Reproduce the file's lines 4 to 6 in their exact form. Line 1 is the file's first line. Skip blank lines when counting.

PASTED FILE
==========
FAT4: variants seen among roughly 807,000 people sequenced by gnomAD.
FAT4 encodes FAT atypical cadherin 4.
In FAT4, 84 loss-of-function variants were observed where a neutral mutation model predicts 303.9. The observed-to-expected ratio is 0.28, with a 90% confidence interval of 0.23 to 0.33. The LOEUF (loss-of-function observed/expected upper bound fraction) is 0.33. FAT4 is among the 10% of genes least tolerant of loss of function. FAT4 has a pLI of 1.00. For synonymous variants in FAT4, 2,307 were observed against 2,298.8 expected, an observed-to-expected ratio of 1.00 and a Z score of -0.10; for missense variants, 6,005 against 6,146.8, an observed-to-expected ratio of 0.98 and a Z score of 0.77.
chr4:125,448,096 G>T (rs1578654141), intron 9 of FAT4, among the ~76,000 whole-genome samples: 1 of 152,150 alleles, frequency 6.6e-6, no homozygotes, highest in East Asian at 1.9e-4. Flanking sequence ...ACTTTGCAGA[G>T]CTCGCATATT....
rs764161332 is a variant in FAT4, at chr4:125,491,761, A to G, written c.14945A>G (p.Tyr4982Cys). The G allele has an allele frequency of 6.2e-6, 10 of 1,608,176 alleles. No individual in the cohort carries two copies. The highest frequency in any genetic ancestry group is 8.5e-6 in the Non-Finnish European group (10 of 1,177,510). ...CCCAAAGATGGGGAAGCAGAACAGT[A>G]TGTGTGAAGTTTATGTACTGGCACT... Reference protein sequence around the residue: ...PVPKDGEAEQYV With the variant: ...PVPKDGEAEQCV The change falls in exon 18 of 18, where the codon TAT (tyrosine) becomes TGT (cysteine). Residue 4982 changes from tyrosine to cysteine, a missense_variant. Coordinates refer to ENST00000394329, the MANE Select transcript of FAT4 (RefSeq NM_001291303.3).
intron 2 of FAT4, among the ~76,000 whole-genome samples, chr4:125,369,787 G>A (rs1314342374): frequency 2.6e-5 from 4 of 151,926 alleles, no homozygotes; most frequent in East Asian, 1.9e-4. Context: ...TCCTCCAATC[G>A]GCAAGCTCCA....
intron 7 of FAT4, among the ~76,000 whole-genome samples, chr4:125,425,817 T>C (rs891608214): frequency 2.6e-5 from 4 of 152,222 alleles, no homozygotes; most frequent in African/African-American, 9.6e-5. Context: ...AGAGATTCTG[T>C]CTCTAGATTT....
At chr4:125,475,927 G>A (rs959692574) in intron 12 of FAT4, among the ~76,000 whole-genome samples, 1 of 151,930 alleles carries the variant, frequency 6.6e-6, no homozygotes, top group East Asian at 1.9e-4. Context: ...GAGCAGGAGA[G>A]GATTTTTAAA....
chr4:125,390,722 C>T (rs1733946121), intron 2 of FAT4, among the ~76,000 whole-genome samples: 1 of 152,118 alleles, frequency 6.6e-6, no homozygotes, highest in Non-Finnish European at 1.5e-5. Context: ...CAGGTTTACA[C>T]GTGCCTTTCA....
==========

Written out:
chr4:125,448,096 G>T (rs1578654141), intron 9 of FAT4, among the ~76,000 whole-genome samples: 1 of 152,150 alleles, frequency 6.6e-6, no homozygotes, highest in East Asian at 1.9e-4. Flanking sequence ...ACTTTGCAGA[G>T]CTCGCATATT....
rs764161332 is a variant in FAT4, at chr4:125,491,761, A to G, written c.14945A>G (p.Tyr4982Cys). The G allele has an allele frequency of 6.2e-6, 10 of 1,608,176 alleles. No individual in the cohort carries two copies. The highest frequency in any genetic ancestry group is 8.5e-6 in the Non-Finnish European group (10 of 1,177,510). ...CCCAAAGATGGGGAAGCAGAACAGT[A>G]TGTGTGAAGTTTATGTACTGGCACT... Reference protein sequence around the residue: ...PVPKDGEAEQYV With the variant: ...PVPKDGEAEQCV The change falls in exon 18 of 18, where the codon TAT (tyrosine) becomes TGT (cysteine). Residue 4982 changes from tyrosine to cysteine, a missense_variant. Coordinates refer to ENST00000394329, the MANE Select transcript of FAT4 (RefSeq NM_001291303.3).
intron 2 of FAT4, among the ~76,000 whole-genome samples, chr4:125,369,787 G>A (rs1314342374): frequency 2.6e-5 from 4 of 151,926 alleles, no homozygotes; most frequent in East Asian, 1.9e-4. Context: ...TCCTCCAATC[G>A]GCAAGCTCCA....